The government is to carry out tests to see how toxic substances would spread if used by terrorists on the Tube.
Emergency services have previously carried out tests on the Tube
A harmless chemical - sulphur hexafluoride - will be used to monitor airflows at north-west London's St John's Wood London Underground station.
Services will run as normal on the two Sundays chosen for the tests, 25 March and 1 April.
Scientists from the Ministry of Defence will be in charge of the tests, which they say pose no safety risks.
It follows trials on both the Tube and at mainline train stations of passenger screening, with people volunteering to take part.
The first trial of passenger screening technology took place at Paddington station in west London in January 2006 and was followed by further trials at Canary Wharf and Greenford Tube stations.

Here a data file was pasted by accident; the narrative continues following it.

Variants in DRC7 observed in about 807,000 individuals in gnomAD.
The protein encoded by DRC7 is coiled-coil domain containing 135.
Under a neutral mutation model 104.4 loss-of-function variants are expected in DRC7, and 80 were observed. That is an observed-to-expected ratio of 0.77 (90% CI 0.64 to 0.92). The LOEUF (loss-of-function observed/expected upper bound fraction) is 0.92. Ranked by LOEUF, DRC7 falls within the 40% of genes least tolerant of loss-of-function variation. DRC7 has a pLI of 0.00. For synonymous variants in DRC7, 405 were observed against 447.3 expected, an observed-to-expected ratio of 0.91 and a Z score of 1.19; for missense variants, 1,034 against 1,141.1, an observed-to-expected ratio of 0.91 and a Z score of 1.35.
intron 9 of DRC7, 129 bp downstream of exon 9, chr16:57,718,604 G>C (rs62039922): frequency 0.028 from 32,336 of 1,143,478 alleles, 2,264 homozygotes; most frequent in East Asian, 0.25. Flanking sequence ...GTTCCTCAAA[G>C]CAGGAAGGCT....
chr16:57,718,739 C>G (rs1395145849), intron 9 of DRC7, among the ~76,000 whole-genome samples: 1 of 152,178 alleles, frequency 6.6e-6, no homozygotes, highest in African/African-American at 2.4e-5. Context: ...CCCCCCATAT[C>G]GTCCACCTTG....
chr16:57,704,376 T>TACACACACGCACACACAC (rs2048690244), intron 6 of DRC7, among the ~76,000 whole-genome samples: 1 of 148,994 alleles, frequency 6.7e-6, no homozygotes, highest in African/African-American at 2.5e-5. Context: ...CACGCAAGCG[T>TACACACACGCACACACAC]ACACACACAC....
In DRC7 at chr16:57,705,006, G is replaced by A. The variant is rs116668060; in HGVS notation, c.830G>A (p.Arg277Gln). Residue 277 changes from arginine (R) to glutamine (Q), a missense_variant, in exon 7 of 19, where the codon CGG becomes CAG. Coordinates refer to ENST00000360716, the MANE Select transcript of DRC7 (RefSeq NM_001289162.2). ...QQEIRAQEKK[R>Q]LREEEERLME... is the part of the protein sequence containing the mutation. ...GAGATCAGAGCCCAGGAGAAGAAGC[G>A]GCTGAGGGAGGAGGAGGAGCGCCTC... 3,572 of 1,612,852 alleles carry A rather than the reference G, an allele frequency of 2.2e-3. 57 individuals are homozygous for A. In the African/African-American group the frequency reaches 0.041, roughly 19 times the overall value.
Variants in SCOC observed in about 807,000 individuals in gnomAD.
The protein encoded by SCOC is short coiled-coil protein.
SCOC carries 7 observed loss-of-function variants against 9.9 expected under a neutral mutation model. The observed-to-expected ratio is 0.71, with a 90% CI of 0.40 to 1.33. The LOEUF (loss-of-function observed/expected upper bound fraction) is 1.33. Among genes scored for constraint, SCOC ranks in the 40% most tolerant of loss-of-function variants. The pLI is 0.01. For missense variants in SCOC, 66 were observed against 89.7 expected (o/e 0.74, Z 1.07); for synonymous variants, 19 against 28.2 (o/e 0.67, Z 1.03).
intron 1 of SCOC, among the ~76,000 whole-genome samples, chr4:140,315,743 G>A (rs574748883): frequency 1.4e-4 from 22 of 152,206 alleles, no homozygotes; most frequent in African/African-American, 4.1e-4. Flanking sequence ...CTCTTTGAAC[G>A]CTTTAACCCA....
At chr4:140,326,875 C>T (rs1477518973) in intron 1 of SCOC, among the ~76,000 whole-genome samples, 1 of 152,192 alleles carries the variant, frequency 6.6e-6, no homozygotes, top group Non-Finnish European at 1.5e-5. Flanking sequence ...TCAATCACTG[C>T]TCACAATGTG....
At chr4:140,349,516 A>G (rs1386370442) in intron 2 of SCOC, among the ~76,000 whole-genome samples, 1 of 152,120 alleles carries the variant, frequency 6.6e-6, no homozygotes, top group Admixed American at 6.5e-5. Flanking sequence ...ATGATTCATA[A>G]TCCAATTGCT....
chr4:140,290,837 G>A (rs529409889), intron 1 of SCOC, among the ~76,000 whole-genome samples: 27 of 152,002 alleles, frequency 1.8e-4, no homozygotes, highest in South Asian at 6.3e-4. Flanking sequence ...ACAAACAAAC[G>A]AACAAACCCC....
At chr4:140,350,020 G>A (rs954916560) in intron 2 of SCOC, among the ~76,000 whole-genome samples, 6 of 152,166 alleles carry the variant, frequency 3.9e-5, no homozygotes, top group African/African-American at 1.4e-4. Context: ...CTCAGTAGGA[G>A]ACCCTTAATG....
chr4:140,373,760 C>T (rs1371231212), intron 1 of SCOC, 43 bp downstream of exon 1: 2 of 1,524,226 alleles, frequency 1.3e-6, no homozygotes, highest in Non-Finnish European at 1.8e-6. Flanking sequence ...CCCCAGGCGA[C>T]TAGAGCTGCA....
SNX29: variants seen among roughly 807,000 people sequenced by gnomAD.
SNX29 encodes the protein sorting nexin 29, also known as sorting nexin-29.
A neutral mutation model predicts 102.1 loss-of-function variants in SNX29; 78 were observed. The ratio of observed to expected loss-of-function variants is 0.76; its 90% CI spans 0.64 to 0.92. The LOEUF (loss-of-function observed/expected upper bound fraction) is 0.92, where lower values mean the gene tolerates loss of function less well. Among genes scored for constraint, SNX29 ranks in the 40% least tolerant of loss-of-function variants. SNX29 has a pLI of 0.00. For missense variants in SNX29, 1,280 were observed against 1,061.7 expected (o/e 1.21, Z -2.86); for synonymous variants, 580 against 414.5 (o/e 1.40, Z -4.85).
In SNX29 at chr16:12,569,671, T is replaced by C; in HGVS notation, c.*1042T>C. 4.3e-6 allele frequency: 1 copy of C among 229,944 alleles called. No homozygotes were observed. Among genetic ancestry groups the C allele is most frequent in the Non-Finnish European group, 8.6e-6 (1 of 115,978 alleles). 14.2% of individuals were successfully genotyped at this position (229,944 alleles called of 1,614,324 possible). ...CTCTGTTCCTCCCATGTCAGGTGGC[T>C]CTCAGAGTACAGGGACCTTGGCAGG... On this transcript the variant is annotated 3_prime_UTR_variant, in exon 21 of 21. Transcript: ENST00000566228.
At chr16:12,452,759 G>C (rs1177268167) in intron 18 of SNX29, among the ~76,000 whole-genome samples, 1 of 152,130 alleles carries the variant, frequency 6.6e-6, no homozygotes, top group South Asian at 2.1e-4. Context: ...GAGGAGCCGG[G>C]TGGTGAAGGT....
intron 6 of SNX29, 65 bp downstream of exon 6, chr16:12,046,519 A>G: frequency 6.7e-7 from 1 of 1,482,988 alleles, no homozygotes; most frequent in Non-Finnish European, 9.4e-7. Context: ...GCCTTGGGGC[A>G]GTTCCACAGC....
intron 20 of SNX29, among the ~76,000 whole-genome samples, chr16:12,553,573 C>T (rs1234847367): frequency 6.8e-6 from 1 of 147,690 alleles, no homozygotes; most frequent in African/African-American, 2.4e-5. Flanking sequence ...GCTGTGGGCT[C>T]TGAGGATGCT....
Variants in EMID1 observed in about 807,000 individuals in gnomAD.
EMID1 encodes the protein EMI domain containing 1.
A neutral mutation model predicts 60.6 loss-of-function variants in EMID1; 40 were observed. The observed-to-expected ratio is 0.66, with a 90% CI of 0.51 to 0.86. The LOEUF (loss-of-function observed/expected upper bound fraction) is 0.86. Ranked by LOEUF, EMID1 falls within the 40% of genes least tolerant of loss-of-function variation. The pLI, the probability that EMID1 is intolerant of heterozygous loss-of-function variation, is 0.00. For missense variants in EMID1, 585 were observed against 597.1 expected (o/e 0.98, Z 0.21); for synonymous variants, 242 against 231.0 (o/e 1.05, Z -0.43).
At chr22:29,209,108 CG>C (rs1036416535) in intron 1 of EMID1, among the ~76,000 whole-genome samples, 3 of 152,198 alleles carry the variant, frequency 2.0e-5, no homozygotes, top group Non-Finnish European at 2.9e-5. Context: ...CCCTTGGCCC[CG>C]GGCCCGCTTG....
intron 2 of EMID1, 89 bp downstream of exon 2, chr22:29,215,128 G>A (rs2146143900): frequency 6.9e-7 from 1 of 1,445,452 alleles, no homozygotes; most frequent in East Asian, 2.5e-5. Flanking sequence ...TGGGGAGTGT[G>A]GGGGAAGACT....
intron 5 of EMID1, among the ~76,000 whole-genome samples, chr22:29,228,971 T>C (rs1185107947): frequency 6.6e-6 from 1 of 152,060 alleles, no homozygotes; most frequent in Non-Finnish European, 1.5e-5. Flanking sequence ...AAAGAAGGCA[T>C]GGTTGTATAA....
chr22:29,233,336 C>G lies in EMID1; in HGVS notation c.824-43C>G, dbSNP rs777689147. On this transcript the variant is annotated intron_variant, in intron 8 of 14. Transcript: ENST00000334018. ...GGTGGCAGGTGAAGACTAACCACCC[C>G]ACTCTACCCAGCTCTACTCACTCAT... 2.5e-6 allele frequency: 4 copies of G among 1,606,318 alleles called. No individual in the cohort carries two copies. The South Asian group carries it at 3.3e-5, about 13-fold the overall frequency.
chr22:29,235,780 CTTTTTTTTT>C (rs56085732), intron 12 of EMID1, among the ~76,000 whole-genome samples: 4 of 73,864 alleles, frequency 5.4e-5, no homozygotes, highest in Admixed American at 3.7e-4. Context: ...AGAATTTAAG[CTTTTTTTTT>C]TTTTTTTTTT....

Trials also took place last August to test the practicalities of deploying portable vehicle access control barriers at major entry points at Waterloo and Victoria stations in London.
Announcing the St John's Wood tests, Transport Secretary Douglas Alexander said: "The purpose of the study is to gather data within a genuine rail environment.
"It is not a reaction to any threat increase or a measure to enhance security at this or any other station.
"All the data and feedback gained will merely help to inform future decisions."
Mr Alexander said the public understood providing airport-style security on open systems such as the rail and Tube networks was unworkable and that no single security measure was either foolproof or capable of mitigating every threat.